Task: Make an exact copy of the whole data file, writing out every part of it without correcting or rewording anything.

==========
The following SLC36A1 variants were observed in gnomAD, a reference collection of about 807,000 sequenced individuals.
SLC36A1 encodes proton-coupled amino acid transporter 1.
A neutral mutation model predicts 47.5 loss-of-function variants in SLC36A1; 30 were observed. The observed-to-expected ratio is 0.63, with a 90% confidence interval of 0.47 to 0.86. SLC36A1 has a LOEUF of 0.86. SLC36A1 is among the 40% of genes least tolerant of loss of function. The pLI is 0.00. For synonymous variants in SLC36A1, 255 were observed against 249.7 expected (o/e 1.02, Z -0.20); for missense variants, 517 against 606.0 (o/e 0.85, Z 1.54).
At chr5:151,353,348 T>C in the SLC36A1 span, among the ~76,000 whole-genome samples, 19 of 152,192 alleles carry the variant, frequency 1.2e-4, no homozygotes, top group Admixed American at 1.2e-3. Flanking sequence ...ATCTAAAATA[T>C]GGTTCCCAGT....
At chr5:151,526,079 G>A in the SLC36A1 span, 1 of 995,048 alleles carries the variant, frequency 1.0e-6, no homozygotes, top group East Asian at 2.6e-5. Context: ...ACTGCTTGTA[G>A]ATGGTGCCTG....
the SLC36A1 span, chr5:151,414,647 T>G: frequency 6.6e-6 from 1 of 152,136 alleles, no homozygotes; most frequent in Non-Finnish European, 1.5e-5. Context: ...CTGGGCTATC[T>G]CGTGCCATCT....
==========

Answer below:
The following SLC36A1 variants were observed in gnomAD, a reference collection of about 807,000 sequenced individuals.
SLC36A1 encodes proton-coupled amino acid transporter 1.
A neutral mutation model predicts 47.5 loss-of-function variants in SLC36A1; 30 were observed. The observed-to-expected ratio is 0.63, with a 90% confidence interval of 0.47 to 0.86. SLC36A1 has a LOEUF of 0.86. SLC36A1 is among the 40% of genes least tolerant of loss of function. The pLI is 0.00. For synonymous variants in SLC36A1, 255 were observed against 249.7 expected (o/e 1.02, Z -0.20); for missense variants, 517 against 606.0 (o/e 0.85, Z 1.54).
At chr5:151,353,348 T>C in the SLC36A1 span, among the ~76,000 whole-genome samples, 19 of 152,192 alleles carry the variant, frequency 1.2e-4, no homozygotes, top group Admixed American at 1.2e-3. Flanking sequence ...ATCTAAAATA[T>C]GGTTCCCAGT....
At chr5:151,526,079 G>A in the SLC36A1 span, 1 of 995,048 alleles carries the variant, frequency 1.0e-6, no homozygotes, top group East Asian at 2.6e-5. Context: ...ACTGCTTGTA[G>A]ATGGTGCCTG....
the SLC36A1 span, chr5:151,414,647 T>G: frequency 6.6e-6 from 1 of 152,136 alleles, no homozygotes; most frequent in Non-Finnish European, 1.5e-5. Context: ...CTGGGCTATC[T>G]CGTGCCATCT....